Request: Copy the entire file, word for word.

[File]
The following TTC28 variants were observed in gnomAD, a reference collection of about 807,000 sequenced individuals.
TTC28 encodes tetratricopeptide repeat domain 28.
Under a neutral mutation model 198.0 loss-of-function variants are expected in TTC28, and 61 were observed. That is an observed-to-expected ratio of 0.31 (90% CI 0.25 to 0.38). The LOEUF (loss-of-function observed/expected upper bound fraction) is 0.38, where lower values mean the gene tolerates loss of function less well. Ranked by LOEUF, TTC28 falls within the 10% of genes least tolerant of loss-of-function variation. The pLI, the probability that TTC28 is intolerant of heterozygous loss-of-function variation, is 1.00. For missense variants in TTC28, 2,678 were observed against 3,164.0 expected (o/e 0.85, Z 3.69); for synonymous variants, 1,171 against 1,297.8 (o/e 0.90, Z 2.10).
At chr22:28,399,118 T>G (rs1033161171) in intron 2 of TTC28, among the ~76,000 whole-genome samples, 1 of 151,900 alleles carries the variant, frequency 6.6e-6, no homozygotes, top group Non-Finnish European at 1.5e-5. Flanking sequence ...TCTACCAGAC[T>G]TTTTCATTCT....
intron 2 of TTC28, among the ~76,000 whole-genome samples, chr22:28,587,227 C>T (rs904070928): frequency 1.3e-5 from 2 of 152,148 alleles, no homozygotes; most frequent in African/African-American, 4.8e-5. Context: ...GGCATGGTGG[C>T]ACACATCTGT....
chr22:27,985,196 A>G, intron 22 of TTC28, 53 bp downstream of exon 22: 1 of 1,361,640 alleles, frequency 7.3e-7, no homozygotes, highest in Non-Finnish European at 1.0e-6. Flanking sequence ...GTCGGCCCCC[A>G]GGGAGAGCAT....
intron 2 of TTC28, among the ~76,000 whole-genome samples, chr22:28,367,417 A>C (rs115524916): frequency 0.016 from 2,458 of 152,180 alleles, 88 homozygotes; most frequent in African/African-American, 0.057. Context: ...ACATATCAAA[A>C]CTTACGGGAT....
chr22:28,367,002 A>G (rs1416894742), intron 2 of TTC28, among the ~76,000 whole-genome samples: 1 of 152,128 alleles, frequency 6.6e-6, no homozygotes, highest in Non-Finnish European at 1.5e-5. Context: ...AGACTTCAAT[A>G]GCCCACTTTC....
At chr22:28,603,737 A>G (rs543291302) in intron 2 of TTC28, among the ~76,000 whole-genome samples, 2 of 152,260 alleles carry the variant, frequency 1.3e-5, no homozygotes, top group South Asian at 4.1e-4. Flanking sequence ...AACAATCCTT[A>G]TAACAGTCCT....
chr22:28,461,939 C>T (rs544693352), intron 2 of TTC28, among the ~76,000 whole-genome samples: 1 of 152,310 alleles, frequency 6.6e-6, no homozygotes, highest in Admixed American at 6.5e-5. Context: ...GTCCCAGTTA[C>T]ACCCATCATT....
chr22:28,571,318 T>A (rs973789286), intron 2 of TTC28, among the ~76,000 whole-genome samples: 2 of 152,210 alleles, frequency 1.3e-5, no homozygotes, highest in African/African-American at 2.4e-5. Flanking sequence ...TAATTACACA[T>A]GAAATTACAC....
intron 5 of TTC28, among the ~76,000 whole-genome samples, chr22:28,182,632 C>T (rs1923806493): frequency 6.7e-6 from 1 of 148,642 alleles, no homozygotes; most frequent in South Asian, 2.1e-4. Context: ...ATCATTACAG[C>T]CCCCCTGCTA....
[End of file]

The following TTC28 variants were observed in gnomAD, a reference collection of about 807,000 sequenced individuals.
TTC28 encodes tetratricopeptide repeat domain 28.
Under a neutral mutation model 198.0 loss-of-function variants are expected in TTC28, and 61 were observed. That is an observed-to-expected ratio of 0.31 (90% CI 0.25 to 0.38). The LOEUF (loss-of-function observed/expected upper bound fraction) is 0.38, where lower values mean the gene tolerates loss of function less well. Ranked by LOEUF, TTC28 falls within the 10% of genes least tolerant of loss-of-function variation. The pLI, the probability that TTC28 is intolerant of heterozygous loss-of-function variation, is 1.00. For missense variants in TTC28, 2,678 were observed against 3,164.0 expected (o/e 0.85, Z 3.69); for synonymous variants, 1,171 against 1,297.8 (o/e 0.90, Z 2.10).
At chr22:28,399,118 T>G (rs1033161171) in intron 2 of TTC28, among the ~76,000 whole-genome samples, 1 of 151,900 alleles carries the variant, frequency 6.6e-6, no homozygotes, top group Non-Finnish European at 1.5e-5. Flanking sequence ...TCTACCAGAC[T>G]TTTTCATTCT....
intron 2 of TTC28, among the ~76,000 whole-genome samples, chr22:28,587,227 C>T (rs904070928): frequency 1.3e-5 from 2 of 152,148 alleles, no homozygotes; most frequent in African/African-American, 4.8e-5. Context: ...GGCATGGTGG[C>T]ACACATCTGT....
chr22:27,985,196 A>G, intron 22 of TTC28, 53 bp downstream of exon 22: 1 of 1,361,640 alleles, frequency 7.3e-7, no homozygotes, highest in Non-Finnish European at 1.0e-6. Flanking sequence ...GTCGGCCCCC[A>G]GGGAGAGCAT....
intron 2 of TTC28, among the ~76,000 whole-genome samples, chr22:28,367,417 A>C (rs115524916): frequency 0.016 from 2,458 of 152,180 alleles, 88 homozygotes; most frequent in African/African-American, 0.057. Context: ...ACATATCAAA[A>C]CTTACGGGAT....
chr22:28,367,002 A>G (rs1416894742), intron 2 of TTC28, among the ~76,000 whole-genome samples: 1 of 152,128 alleles, frequency 6.6e-6, no homozygotes, highest in Non-Finnish European at 1.5e-5. Context: ...AGACTTCAAT[A>G]GCCCACTTTC....
At chr22:28,603,737 A>G (rs543291302) in intron 2 of TTC28, among the ~76,000 whole-genome samples, 2 of 152,260 alleles carry the variant, frequency 1.3e-5, no homozygotes, top group South Asian at 4.1e-4. Flanking sequence ...AACAATCCTT[A>G]TAACAGTCCT....
chr22:28,461,939 C>T (rs544693352), intron 2 of TTC28, among the ~76,000 whole-genome samples: 1 of 152,310 alleles, frequency 6.6e-6, no homozygotes, highest in Admixed American at 6.5e-5. Context: ...GTCCCAGTTA[C>T]ACCCATCATT....
chr22:28,571,318 T>A (rs973789286), intron 2 of TTC28, among the ~76,000 whole-genome samples: 2 of 152,210 alleles, frequency 1.3e-5, no homozygotes, highest in African/African-American at 2.4e-5. Flanking sequence ...TAATTACACA[T>A]GAAATTACAC....
intron 5 of TTC28, among the ~76,000 whole-genome samples, chr22:28,182,632 C>T (rs1923806493): frequency 6.7e-6 from 1 of 148,642 alleles, no homozygotes; most frequent in South Asian, 2.1e-4. Context: ...ATCATTACAG[C>T]CCCCCTGCTA....